The Revolution and a New Nation

Economic and religious grievances led Maryland to support the growing colonial agitation against England. At the time of the American Revolution most Marylanders were stalwart patriots and vigorous opponents of the British colonial policy. In 1776 Maryland adopted a declaration of rights and a state constitution and sent soldiers and supplies to aid the war for independence; supposedly the high quality of its regular “troops of the line” earned Maryland its nickname, the Old Line State. The U.S. Congress, meeting at Annapolis, ratified the Treaty of Paris ending the Revolutionary War in 1783. A party advocating states’ rights, in which Luther Martin was prominent, was unsuccessful in opposing ratification of the Constitution, and in 1791 Maryland and Virginia contributed land and money for the new national capital in the District of Columbia.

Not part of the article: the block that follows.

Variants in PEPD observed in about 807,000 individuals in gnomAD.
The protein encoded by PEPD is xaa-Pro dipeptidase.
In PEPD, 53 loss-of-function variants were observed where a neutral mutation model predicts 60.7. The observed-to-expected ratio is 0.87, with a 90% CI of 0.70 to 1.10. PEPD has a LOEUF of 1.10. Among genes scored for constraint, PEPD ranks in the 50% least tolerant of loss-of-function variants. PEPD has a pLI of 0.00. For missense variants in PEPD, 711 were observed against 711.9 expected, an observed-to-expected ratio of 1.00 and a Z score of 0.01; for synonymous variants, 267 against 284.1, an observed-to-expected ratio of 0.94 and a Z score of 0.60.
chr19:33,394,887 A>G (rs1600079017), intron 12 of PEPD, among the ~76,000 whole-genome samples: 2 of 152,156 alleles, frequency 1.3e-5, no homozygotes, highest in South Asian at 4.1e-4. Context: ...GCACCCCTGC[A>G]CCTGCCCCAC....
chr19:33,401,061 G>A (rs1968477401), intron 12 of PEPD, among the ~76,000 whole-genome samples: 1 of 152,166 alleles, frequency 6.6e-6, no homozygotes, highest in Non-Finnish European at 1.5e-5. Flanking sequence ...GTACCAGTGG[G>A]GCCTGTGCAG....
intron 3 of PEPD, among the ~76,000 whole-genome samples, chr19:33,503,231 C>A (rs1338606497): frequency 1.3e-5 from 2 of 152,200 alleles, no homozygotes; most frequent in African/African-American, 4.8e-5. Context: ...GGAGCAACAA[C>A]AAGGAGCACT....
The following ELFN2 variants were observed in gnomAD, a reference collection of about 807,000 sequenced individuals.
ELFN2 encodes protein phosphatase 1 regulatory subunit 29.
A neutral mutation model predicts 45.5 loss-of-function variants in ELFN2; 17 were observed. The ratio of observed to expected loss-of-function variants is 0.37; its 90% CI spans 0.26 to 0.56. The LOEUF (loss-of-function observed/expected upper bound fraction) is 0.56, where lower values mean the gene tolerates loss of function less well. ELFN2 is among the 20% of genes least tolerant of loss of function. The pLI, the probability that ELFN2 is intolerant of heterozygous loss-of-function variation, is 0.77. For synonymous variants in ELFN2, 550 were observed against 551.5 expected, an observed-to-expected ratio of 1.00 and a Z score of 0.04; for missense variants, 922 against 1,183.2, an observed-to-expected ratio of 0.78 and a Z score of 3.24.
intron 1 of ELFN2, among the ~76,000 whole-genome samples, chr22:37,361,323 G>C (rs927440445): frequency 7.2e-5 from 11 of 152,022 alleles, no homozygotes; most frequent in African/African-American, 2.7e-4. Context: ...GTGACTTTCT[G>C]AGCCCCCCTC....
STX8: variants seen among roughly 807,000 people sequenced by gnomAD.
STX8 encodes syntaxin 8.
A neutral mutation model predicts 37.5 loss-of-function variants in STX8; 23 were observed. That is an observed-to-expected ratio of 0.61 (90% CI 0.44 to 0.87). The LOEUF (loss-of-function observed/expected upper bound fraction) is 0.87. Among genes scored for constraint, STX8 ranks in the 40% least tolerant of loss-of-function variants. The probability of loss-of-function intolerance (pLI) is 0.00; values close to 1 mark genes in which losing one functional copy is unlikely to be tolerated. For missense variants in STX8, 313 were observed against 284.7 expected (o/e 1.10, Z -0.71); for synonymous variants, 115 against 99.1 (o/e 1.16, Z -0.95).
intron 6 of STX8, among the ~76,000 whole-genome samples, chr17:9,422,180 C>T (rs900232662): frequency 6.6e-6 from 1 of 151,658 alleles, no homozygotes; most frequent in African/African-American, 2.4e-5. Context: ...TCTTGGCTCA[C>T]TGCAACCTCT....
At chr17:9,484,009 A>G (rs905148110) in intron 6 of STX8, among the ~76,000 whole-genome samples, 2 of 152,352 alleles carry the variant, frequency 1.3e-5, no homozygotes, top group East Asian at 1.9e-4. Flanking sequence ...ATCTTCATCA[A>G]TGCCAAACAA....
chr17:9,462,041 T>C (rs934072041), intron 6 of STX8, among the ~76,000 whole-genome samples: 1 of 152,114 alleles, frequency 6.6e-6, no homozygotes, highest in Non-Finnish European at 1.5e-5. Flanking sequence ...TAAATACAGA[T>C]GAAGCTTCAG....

Industry, already growing in conjunction with renewed commerce, was furthered by the skills of German immigrants. The War of 1812 was marked for Maryland by the British attack of 1814 on Baltimore and the defense of Fort McHenry, immortalized in Francis Scott Key’s “Star-Spangled Banner.” After the war the state entered a period of great commercial and industrial expansion. This was accelerated by the building of the National Road, which tapped the rich resources of the West; the opening of the Chesapeake and Delaware Canal (1829); and the opening (1830) of the Baltimore & Ohio RR, the first railroad in the United States open for public traffic.

Tags: , , , ,